Is fairness and freedom dead on the internet?
Big Brother (or someone) is always watching, collecting data and tracing our every move via the multitude of devices now acting as extensions of our arms.
Take for example the volatile digital landscape through which journalists ply their trade in order to secure a scoop or break news.
Today, the laptop and phone play as important a role in the life of an investigative reporter as the notebook once did.
That’s because it is easier and more convenient to communicate with someone digitally rather than in person.
But, it pays to remember there are vast amounts of data that can tell interested parties everything about what story a reporter is pursuing, and the source they’re protecting.
Think Edward Snowden, the scandal of Facebook sharing its users’ data with Cambridge Analytica and, closer to home, the leaking of details about Winston Peters’ seven years of superannuation over-payments.
Are whistleblowers safe in today’s digitally-savvy society? Can confidential communications still exist?
Earlier this year Stuff.co.nz joined SecureDrop as part of a global effort to protect those who have spoken out in the public interest.
SecureDrop, maintained and promoted by the Freedom of the Press Foundation, is used by newsrooms around the world including the New York Times, The Guardian, The Intercept, ProPublica and Fairfax Media in Australia.
The open-source system enables sources to communicate without revealing their identities and to pass on documents and data without leaving digital footprints.
“History is punctuated with examples of whistleblowers who have spoken out in the public interest, and it’s our duty as reporters to protect those people,” explains Stuff.
The Freedom of the Press Foundation says SecureDrop aims to avoid the attempts to silence and threaten whistleblowers which have been seen internationally.
They say this because sources and whistleblowers need confidence in their anonymity before passing on information that could see them lose their jobs if they are discovered.
A thought-leading report by the Information Law and Policy Centre entitled ‘Protecting Sources and Whistleblowers in a Digital Age’ considers these developments.
With the support of Guardian News and Media in the UK, the report examines how journalists can reduce threats to whistleblowing and examines the rights and responsibilities of journalists, whistleblowers and lawmakers.
It touches on how the technological protections for sources have not kept pace with the ability of states and others to use technology to intercept or monitor communications.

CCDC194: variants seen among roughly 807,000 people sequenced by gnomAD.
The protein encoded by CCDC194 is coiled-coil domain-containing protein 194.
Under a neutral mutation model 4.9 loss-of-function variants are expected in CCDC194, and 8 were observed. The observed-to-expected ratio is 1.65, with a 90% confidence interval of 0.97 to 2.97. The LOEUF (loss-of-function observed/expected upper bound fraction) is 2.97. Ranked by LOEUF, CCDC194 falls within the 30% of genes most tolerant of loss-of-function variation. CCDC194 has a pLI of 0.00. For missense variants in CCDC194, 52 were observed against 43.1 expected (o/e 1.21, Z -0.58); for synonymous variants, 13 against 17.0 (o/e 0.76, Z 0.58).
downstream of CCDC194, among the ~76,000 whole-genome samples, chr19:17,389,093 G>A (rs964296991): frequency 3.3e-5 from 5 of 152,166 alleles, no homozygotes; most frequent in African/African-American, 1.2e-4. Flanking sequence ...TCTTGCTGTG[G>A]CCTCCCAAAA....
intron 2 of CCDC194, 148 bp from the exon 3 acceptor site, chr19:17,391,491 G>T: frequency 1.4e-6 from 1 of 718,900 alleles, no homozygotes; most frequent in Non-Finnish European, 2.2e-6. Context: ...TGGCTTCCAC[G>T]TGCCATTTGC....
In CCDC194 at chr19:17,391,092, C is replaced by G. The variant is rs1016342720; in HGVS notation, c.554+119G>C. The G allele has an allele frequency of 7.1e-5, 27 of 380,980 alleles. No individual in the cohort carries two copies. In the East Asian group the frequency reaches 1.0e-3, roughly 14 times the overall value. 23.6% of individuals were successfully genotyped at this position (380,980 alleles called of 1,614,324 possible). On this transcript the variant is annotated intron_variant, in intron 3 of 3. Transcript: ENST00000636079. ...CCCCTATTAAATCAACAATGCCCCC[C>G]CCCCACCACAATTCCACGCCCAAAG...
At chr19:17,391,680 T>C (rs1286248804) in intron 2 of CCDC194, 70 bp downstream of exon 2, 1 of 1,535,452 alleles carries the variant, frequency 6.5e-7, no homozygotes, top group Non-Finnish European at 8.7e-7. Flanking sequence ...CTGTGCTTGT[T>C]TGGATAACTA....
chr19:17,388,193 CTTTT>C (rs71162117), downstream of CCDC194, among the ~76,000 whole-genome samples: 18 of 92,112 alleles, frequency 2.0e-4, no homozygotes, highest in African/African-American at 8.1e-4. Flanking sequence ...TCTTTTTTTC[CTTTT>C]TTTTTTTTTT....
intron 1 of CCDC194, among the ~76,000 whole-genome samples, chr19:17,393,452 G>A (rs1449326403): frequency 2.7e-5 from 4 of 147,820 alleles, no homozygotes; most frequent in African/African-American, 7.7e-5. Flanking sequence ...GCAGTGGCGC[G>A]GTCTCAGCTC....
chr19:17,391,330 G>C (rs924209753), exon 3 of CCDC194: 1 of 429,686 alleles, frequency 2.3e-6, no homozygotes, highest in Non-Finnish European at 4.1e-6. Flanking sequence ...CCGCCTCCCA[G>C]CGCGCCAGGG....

Amid concern about the growing technological and legal vulnerability of confidential sources, it suggests media outlets review and strengthen their policies on secure technology, source protection, and they ways journalists engage with sources who wish to remain anonymous.
Back in New Zealand, Newsroom recently reported on documents obtained under the Official Information Act which outline some of the efforts made by three Government departments to find the person responsible for the Winston Peters leak.
National headlines forced the Ministry of Social Development, the Department of Internal Affairs and Inland Revenue to all launch investigations to determine whether their staff had been the source of the leak.
These documents show the great lengths taken to find that person through interviews and an examination of electronic communication records – efforts which ultimately failed.
Newsroom reported this almost as a “how-to” guide for whistleblowers looking to evade discovery.
While this proved to be a win for anonymity, it still calls into question one’s ability to remain anonymous while sending documents and data through the minefield of online tracking.
Technological change means that journalists and publications are faced with unprecedented difficulties in protecting their sources.
As the Newsroom reporter surmised: “We may live in a digital age, but it appears analogue methods can be best when it comes to staying off the radar.”
Does this make you look at your devices differently?
Luke focuses on helping clients with a communications style based on solid back-to-basics methods. “Sometimes paring things right back and starting with a communications audit is the best way to go. That way you’re able to survey the landscape before embarking on your communications journey.